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“We know our clientele,” Toledano said. “Now we have to expand our clientele.”
The explosive sales growth in recent years largely reflects a diversification effort on the product side. For example, handbags and small leather goods, once nonexistent, today represent about 30 percent of direct revenues, driven by such hits as bracelet, sling and camera styles. Licensed products also multiplied, including the See by Chloé diffusion line and eyewear.
Ready-to-wear represents about 70 percent of direct sales, with the balance being handbags and leather goods.
As for future product expansion, Toledano said costume jewelry and baby clothing would be introduced for spring 2005 retailing, the latter initially in Chloé stores only. Others, like watches and fine jewelry, will be layered on in the next two years.
Toledano said fragrance, licensed to Unilever, is also a top priority, though he declined to give specifics about any forthcoming launches.
“This business is a major growth opportunity for us and it will have to move fast and big time,” he said. “Chloé will move in this area.”
Believed to generate some $110 million only a decade ago, Chloé’s fragrance business has dwindled in recent years amid management turmoil at Unilever.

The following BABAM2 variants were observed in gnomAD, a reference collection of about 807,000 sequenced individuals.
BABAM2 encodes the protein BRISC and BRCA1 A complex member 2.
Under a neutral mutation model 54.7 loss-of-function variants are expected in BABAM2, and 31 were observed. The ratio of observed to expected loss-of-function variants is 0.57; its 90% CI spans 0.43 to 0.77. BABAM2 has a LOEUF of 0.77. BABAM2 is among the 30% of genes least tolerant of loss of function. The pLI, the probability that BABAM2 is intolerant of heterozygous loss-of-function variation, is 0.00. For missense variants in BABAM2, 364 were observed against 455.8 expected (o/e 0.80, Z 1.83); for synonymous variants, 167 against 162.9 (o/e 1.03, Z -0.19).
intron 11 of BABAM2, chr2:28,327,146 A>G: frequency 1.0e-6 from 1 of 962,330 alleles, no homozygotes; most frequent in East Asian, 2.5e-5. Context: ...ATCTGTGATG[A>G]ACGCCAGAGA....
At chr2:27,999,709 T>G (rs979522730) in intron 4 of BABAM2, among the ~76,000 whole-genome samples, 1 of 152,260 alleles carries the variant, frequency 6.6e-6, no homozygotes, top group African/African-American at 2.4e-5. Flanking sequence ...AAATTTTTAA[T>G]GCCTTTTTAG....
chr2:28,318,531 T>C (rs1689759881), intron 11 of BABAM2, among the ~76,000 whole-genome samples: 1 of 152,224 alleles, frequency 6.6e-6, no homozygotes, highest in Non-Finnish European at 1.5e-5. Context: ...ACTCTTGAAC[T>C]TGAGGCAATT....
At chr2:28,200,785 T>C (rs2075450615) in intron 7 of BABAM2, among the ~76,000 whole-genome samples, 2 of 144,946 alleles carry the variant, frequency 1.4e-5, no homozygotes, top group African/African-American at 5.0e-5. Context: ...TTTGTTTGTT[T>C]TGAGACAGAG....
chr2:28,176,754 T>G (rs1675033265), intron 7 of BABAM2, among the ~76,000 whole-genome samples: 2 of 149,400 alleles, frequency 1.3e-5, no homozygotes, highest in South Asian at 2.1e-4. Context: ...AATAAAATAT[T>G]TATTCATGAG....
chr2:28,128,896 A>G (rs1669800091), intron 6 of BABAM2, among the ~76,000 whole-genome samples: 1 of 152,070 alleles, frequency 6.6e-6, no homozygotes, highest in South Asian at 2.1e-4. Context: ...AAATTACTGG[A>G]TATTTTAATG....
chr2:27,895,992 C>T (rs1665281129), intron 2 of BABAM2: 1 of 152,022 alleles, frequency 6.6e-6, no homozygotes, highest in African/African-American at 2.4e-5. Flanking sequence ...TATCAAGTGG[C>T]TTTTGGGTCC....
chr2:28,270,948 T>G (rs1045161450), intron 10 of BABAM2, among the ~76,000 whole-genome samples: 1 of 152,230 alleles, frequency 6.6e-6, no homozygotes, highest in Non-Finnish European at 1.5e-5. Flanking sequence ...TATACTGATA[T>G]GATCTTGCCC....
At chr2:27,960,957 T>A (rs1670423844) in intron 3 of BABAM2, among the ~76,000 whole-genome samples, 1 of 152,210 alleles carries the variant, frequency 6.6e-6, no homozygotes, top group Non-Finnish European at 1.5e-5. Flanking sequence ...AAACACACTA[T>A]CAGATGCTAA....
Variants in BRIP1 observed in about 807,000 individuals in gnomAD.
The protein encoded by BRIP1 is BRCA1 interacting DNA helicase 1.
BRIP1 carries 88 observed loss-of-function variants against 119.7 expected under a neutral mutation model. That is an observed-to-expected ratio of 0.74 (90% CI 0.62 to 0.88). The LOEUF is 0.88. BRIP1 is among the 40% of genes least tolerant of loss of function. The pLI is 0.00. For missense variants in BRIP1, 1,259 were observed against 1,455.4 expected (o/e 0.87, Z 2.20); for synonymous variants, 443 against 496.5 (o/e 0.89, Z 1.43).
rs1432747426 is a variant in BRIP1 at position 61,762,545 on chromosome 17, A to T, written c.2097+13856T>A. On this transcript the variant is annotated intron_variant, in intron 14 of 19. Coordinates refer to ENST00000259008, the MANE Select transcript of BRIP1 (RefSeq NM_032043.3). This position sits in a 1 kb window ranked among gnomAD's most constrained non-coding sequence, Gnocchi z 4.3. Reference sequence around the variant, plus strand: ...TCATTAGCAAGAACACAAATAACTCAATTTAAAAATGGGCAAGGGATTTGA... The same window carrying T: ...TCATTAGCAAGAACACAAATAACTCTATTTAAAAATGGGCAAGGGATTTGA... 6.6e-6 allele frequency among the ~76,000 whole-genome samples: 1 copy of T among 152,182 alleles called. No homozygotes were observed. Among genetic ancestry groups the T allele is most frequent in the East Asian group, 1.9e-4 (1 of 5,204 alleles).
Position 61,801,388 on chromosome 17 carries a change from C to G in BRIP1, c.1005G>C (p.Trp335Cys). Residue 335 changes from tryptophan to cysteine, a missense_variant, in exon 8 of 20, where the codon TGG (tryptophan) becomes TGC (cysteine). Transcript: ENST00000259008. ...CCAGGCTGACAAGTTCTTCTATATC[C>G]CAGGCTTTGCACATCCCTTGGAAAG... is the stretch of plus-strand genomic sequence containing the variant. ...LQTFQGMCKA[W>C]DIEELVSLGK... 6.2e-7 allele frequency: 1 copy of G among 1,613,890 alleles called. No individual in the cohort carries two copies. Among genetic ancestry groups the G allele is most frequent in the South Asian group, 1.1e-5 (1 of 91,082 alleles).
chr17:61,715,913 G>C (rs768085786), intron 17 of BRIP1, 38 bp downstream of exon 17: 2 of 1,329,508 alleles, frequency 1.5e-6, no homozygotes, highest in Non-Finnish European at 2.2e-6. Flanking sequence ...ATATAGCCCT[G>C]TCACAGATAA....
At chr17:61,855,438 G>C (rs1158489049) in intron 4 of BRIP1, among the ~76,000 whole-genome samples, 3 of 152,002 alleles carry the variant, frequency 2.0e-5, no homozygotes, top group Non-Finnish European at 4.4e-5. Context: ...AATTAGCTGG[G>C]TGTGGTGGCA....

Direct retail, which generates about 40 percent of Chloé revenues, is another priority.
At present, Chloé operates freestanding stores in Paris, New York, London, Hong Kong, Taipei, Munich, Moscow, Monte Carlo, Dubai and Kuwait — plus about 40 leased departments, about half of them in Japan.
Besides Beijing and Tokyo openings in 2005, Toledano said a larger Paris boutique is a priority, along with new headquarters for a company that is bursting at the seams in its current location.
Toledano has a strong track record of picking design talent prior to joining Chloé in 1999, having plucked a then-unknown Alber Elbaz from the studio of Geoffrey Beene for Guy Laroche, where Elbaz catapulted on to the international fashion radar.